It’s not Olcott’s goal to impersonate the Oregon-born Beard, despite a shared Western heritage, the tonsorial adjustments and a similarly large frame. (“No one is going to say, ‘An uncanny resemblance,’ ” he ventures.) He is reading the books — Beard was a one-man cookbook factory — and eyeballing archival videos supplied by the Beard Foundation in New York. No footage survives of Beard’s 1940s “I Love to Eat” TV show, but Olcott has viewed other samples of Beard’s on-screen work.
The actor-director’s take: Beard was ungainly and wooden on-camera, directed to be still, to do less. (Contrast that with the high-octane approach of today’s revved-up restaurant shows.)
Even so, Olcott finds points of contact with Beard the performer, who, as a young man, took pie-eyed stabs at Hollywood acting, operatic singing and the New York stage. All fell flat, and then, as Olcott puts it, “he sort of stumbled into catering.”
With this, the actor offers his saga of strangled ambition. In the early 1980s, Olcott was hired to be in a European film with Marthe Keller; visions of an international, James Masonesque career danced in his head. At the last minute, the producers told him he would be paid, but they had found someone else.
“All of my dreams, to see them smashed like that, with one phone call,” Olcott laments. “I think that was what he had pictured. He was in London studying, he was going to have a European career, going to come back and sing at the Metropolitan Opera and the San Francisco Opera. And his mother said, ‘Your voice isn’t good enough. Come back.’ ”
Beard’s triumph was in the cooking career that was never restaurant-based. “His milieu was the dinner party, because he got to perform,” Olcott says. “And that’s what all his writing is really about: How to host a dinner party. How to be the cook with people around you. How to be amusing.”
Olcott’s sense of Beard comes from Still’s play, Beard’s books and Robert Clark’s biography “The Solace of Food.” That book title is rich; Olcott, expertly working sterling chopsticks as he polishes off his dish, ticks off Beard’s plagues and neuroses. There was the fear of selling out as Beard took on food endorsements. His mother was, in Olcott’s phrase, “Mama Rose times 10.” He was a gay man in a closeted age. He suffered from self-destructive behavior in relationships. Late in life, he dramatically overate, indulging in major Kentucky Fried Chicken binges.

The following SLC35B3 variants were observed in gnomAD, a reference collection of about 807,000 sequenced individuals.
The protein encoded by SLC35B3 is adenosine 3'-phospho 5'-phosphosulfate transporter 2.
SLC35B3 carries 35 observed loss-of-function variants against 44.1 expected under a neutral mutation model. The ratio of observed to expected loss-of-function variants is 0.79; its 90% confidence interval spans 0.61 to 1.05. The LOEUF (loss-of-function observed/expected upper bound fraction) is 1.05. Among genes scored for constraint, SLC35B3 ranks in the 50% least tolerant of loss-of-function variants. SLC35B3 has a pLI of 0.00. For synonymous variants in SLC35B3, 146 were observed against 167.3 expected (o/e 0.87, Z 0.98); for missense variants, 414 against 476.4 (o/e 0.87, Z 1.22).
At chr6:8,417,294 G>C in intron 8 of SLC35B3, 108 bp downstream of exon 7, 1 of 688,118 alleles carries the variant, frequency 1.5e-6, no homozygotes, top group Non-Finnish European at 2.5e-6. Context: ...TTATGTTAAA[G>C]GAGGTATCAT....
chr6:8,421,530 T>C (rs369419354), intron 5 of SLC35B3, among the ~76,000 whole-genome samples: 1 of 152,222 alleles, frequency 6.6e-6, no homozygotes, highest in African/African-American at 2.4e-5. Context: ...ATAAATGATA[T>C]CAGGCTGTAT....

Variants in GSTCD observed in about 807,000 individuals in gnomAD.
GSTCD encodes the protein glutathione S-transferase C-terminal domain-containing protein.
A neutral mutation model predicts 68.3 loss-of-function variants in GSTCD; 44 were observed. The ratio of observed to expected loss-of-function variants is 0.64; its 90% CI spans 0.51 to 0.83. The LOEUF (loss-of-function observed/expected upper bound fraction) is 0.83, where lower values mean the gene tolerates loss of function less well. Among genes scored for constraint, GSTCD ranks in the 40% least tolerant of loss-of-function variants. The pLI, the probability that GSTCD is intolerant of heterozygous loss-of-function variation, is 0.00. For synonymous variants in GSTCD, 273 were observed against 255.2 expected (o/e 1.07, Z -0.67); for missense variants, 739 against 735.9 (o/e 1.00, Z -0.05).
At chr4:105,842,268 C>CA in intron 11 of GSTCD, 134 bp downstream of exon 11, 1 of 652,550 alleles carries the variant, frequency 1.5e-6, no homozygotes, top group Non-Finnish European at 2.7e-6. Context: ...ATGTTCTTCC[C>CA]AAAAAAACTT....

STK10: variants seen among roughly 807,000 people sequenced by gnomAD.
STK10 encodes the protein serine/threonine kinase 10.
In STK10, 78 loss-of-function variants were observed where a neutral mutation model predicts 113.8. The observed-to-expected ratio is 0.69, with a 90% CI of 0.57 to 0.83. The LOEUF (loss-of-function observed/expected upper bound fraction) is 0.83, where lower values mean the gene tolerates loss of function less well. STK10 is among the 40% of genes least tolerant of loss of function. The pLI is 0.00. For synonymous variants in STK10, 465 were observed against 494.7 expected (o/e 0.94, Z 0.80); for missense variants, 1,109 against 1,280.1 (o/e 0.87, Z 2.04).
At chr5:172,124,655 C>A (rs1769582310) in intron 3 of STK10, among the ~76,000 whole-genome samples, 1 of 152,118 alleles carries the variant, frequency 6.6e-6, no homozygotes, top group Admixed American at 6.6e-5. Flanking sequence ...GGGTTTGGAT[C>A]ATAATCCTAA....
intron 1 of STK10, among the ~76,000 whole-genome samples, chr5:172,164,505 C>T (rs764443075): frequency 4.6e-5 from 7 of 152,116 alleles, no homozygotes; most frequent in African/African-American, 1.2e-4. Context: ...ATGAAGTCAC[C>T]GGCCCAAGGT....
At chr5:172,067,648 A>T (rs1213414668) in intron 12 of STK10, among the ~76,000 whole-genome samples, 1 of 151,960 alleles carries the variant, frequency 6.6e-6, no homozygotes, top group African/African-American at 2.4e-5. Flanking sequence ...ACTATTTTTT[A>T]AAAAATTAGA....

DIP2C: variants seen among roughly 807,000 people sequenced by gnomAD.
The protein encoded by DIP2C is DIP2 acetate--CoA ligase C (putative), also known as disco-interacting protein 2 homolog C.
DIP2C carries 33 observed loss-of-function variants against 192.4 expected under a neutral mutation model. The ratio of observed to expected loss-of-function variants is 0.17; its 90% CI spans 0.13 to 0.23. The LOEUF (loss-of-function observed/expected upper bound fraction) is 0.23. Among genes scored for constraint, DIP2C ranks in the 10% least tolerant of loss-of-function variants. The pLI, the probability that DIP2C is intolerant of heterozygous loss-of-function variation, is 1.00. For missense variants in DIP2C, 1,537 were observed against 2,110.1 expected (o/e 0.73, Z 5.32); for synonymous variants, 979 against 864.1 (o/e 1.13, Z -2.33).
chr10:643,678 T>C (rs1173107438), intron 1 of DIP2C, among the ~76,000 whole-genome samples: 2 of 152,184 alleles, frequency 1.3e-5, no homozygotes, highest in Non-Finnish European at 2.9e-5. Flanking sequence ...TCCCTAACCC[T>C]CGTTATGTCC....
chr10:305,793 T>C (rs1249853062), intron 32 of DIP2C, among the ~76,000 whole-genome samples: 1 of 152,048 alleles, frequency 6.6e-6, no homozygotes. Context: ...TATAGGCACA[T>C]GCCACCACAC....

The Beard effect on Olcott, however, has been healthy. No more beer: “Weight in a bottle.” A total break with Diet Pepsi: “Diet soda is the devil.” An end to fast food: “My addiction to junk food was entirely out of convenience.”
You can see how burgers in bags would be the easy thing. The jobs Olcott juggles include coaching acting for the Washington National Opera and teaching at the University of Maryland, where he is directing “The Magic Flute.”
A manager stops at the table and asks after the meal. Olcott: “Loved it.” The dish is popular, the manager says. Made to order, so guests can tailor the shrimp, scallops, chicken and eggs to taste.
“I’m an omnivore, so I took it all,” Olcott says.
He skips dessert, pleased with the lingering flavors of the Asian fusion entree. He talks about the slower tempo and satisfying effects of real cooking. He describes how his longtime partner, Tim Westmoreland, grilled food for the workweek one recent Sunday. Inevitably, Olcott was soon dashing between jobs and eating in the car.
But the fare was home-cooked roast chunks of beef. Roast potatoes. Roast cloves of garlic.
“It was so good, I had to pull over just to sit there and taste that garlic,” Olcott says, “and think about how good that garlic was.”
by James Still. Directed by Leon Major. Through Nov. 4 at Round House Theatre, 4545 East-West Hwy., Bethesda. 240-644-1100. www.roundhousetheatre.org.